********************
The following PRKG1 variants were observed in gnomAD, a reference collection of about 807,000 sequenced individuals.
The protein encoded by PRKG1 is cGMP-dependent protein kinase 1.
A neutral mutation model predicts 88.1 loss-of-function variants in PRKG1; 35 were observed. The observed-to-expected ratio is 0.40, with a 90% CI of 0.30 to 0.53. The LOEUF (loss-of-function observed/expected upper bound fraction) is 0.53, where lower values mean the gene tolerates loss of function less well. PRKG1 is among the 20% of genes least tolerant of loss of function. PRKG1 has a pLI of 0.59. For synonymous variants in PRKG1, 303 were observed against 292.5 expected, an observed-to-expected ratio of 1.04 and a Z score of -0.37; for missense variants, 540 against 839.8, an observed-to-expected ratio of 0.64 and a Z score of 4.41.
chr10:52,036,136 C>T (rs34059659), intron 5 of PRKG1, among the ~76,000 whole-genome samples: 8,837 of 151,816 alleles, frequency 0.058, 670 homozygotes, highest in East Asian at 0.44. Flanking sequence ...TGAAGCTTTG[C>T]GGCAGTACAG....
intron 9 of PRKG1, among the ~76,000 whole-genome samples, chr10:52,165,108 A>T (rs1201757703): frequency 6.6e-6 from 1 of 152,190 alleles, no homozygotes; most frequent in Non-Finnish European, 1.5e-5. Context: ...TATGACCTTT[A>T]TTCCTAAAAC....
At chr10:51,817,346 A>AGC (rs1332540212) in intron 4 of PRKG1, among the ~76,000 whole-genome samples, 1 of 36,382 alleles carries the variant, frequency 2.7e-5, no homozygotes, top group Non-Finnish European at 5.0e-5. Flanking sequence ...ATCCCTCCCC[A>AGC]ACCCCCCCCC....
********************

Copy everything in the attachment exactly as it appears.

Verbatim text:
The following PRKG1 variants were observed in gnomAD, a reference collection of about 807,000 sequenced individuals.
The protein encoded by PRKG1 is cGMP-dependent protein kinase 1.
A neutral mutation model predicts 88.1 loss-of-function variants in PRKG1; 35 were observed. The observed-to-expected ratio is 0.40, with a 90% CI of 0.30 to 0.53. The LOEUF (loss-of-function observed/expected upper bound fraction) is 0.53, where lower values mean the gene tolerates loss of function less well. PRKG1 is among the 20% of genes least tolerant of loss of function. PRKG1 has a pLI of 0.59. For synonymous variants in PRKG1, 303 were observed against 292.5 expected, an observed-to-expected ratio of 1.04 and a Z score of -0.37; for missense variants, 540 against 839.8, an observed-to-expected ratio of 0.64 and a Z score of 4.41.
chr10:52,036,136 C>T (rs34059659), intron 5 of PRKG1, among the ~76,000 whole-genome samples: 8,837 of 151,816 alleles, frequency 0.058, 670 homozygotes, highest in East Asian at 0.44. Flanking sequence ...TGAAGCTTTG[C>T]GGCAGTACAG....
intron 9 of PRKG1, among the ~76,000 whole-genome samples, chr10:52,165,108 A>T (rs1201757703): frequency 6.6e-6 from 1 of 152,190 alleles, no homozygotes; most frequent in Non-Finnish European, 1.5e-5. Context: ...TATGACCTTT[A>T]TTCCTAAAAC....
At chr10:51,817,346 A>AGC (rs1332540212) in intron 4 of PRKG1, among the ~76,000 whole-genome samples, 1 of 36,382 alleles carries the variant, frequency 2.7e-5, no homozygotes, top group Non-Finnish European at 5.0e-5. Flanking sequence ...ATCCCTCCCC[A>AGC]ACCCCCCCCC....